A Living Memorial Instead of a Funeral

grandma on boat 2

My mom didn’t want a funeral. She didn’t even want a memorial service.

Mom was battling congestive heart failure. You can live a long time with this condition and no one really knows how fast or slow it can progress. And my mom was tough. Resilient. Persistent. She battled through every symptom with aggravation at first, then grit.

She was in and out of the hospital so many times the last two years that it became her routine. Last summer, we thought we were coming close to losing her. She couldn’t walk and was very weak.

mom pushing wheelchair

But Mom wasn’t ready to let go of this life–she still had some living to do. Heck, she had just moved into a new house in Nashville and she was going to enjoy it. So she got herself out of the hospital bed and began walking with a walker again. She was doing so well at one point that she could get around the house on her own.

Then the final downward spiral began quickly. This time, we sensed it was real. A sprint towards the end. My brother and I got in the car and drove to Missouri to pick up my sister. One brother flew in. Another drove in. For the first time, all six of us were together, including a brother who was adopted at birth.

griffard family together

Three months, the staff at the hospital said. In my heart, I knew they were wrong. My mom wasn’t even moving. The fluid had taken over her body. We brought her home and arranged for nursing care three times a week.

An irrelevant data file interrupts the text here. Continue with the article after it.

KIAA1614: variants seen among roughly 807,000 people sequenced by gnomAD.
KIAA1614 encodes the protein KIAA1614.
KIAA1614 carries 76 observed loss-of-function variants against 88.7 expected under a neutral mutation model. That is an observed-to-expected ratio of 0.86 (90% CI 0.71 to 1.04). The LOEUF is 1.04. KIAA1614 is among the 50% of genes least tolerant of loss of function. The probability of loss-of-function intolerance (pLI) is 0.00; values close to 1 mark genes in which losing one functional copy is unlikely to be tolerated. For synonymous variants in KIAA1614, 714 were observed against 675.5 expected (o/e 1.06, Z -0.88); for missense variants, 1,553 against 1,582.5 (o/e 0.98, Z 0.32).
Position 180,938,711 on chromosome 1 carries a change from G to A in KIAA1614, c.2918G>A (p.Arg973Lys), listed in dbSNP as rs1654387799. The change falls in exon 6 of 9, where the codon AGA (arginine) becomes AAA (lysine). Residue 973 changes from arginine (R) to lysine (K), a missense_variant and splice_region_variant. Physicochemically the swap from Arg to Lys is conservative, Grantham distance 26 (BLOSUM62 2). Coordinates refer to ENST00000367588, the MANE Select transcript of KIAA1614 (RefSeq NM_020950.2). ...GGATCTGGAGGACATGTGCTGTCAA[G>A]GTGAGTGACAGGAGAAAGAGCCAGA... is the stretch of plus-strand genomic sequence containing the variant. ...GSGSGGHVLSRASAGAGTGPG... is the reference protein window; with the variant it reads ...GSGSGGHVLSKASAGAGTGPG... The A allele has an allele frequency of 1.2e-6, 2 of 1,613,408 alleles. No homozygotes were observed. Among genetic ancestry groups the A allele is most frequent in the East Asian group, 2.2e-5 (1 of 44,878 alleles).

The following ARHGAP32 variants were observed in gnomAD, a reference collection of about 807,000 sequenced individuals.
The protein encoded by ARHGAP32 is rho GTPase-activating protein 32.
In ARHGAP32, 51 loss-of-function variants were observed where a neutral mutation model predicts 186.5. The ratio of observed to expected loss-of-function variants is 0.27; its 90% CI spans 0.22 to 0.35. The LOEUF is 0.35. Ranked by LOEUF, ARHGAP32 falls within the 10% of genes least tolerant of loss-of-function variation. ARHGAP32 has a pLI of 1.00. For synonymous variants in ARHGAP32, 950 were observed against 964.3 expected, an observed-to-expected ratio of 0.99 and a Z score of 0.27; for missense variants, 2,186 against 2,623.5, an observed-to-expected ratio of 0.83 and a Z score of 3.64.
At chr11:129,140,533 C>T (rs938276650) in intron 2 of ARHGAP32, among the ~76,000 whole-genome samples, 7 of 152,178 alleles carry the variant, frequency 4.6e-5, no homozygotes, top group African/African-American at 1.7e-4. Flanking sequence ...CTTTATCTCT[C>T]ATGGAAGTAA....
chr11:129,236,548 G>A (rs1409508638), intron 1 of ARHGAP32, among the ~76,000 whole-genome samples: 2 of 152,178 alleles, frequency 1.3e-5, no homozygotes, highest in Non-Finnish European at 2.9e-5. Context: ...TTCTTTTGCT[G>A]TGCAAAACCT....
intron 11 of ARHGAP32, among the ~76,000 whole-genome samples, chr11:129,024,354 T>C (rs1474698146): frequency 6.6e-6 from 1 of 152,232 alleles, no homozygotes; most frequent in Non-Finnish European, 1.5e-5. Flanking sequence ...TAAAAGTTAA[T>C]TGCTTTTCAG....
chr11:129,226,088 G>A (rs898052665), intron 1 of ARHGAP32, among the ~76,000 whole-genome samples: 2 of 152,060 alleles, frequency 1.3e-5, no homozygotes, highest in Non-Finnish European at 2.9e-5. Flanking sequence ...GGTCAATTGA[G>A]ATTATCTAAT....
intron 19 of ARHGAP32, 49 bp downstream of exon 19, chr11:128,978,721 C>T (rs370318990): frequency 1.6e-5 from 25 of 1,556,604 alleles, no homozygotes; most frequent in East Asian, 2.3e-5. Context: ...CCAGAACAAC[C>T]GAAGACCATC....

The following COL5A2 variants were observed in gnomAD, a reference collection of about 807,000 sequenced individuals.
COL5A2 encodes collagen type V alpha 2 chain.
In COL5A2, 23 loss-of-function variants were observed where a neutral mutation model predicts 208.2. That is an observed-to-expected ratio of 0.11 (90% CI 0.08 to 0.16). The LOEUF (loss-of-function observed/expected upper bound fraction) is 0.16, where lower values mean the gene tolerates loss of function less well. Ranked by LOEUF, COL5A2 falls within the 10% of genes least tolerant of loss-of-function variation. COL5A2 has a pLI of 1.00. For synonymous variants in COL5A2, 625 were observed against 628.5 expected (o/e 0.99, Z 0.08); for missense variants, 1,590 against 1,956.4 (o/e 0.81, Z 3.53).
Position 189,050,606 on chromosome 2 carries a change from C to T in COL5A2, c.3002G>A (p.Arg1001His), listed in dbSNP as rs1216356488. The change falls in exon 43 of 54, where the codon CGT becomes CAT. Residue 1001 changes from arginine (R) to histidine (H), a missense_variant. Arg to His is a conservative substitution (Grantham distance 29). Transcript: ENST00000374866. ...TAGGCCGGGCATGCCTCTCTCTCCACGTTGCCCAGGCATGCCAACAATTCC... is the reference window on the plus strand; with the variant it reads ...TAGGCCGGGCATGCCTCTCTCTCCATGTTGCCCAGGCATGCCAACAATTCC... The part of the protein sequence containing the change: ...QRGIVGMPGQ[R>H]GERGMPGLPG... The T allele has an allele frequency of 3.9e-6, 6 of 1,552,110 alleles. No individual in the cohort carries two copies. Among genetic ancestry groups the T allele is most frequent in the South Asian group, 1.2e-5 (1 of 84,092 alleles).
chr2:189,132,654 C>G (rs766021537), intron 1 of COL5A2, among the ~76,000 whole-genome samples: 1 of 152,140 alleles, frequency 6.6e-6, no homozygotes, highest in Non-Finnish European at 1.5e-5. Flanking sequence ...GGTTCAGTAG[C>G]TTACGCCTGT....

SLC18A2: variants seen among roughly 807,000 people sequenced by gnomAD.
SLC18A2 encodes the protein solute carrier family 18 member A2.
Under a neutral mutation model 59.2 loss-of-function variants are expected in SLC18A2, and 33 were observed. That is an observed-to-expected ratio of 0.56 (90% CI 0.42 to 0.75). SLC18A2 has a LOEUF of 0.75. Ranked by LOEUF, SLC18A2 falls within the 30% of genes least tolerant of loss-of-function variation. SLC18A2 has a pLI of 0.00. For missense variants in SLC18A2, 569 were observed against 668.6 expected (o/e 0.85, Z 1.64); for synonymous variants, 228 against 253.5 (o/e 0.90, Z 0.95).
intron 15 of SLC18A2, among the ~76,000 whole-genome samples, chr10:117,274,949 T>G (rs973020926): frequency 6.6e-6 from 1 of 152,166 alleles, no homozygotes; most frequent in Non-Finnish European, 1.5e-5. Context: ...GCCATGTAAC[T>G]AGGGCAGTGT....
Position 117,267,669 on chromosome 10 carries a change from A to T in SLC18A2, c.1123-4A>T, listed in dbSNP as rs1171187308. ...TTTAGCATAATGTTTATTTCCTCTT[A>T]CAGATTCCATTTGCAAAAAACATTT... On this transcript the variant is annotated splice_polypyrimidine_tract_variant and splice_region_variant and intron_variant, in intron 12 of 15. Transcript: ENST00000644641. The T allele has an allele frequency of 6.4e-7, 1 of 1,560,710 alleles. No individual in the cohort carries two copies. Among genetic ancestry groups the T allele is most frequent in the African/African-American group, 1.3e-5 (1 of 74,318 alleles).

When the hospice nurse arrived, we asked her that blunt question: How much time is left?

There’s a fine line that hospice nurses must walk–the line between hope and reality. Very gently, she let us know that time was dwindling and we must enjoy what we could.

So we gave Mom a living memorial. It wasn’t planned. The process simply unfolded each day. We flooded the house with food, people, and memories. We watched old family videos. We cooked her favorite foods. We sang songs. We celebrated her life.

And we cried.

Through it all, something magical was happening. Mom was happy. It was a beautiful thing to see her smiling each day, surrounded by love.

Then at two in the morning, she told my daughter, “I’m going to die.”

Two hours later, she fell into a coma and the next day, she took her last breath surrounded by her family.

Some of us struggled with Mom’s wishes to leave earth without a final service in her honor, but instead, she left us the amazing gift of all of us together during her the last days of her life.

mom age


Marian Griffard Memorial Page







4 replies
  1. mary pacyna
    mary pacyna says:

    Absolutely a beautiful tribute…..Our sympathy to your entire family..
    Chet and Mary pacyna


    Karen, I’m deeply sorry for this loss of your dear mother’s physical presence. I’ve known her through your stories for years and I know she has left a gap that can’t be filled.

    But I’m also deeply moved by her grace and courage as she passed. What an example, and what a blessing.

    Big hugs, my friend. You and your mom are in my prayers.

  3. Karen Kanefsky
    Karen Kanefsky says:

    Beautifully written and a warm, bittersweet story. Thank you for sharing b

  4. Susan and Bob Wojcik
    Susan and Bob Wojcik says:

    Oh, Karen and Linda, We just loved your mother. We are so much richer to having known her. She came to one of our staff picnics at Oak Cove Resort with Linda and your niece. I treasure the photos we took. She gave a tea party for some mutual friends, again the pictures are a good memory for us. When your dad died, she was so stoic. It was a great lesson to all that you can go on cheerfully functioning without the one you love. Our deepest sympathy to the whole family. You were blessed to have had a mom like her. Love, Susan and Bob Wojcik

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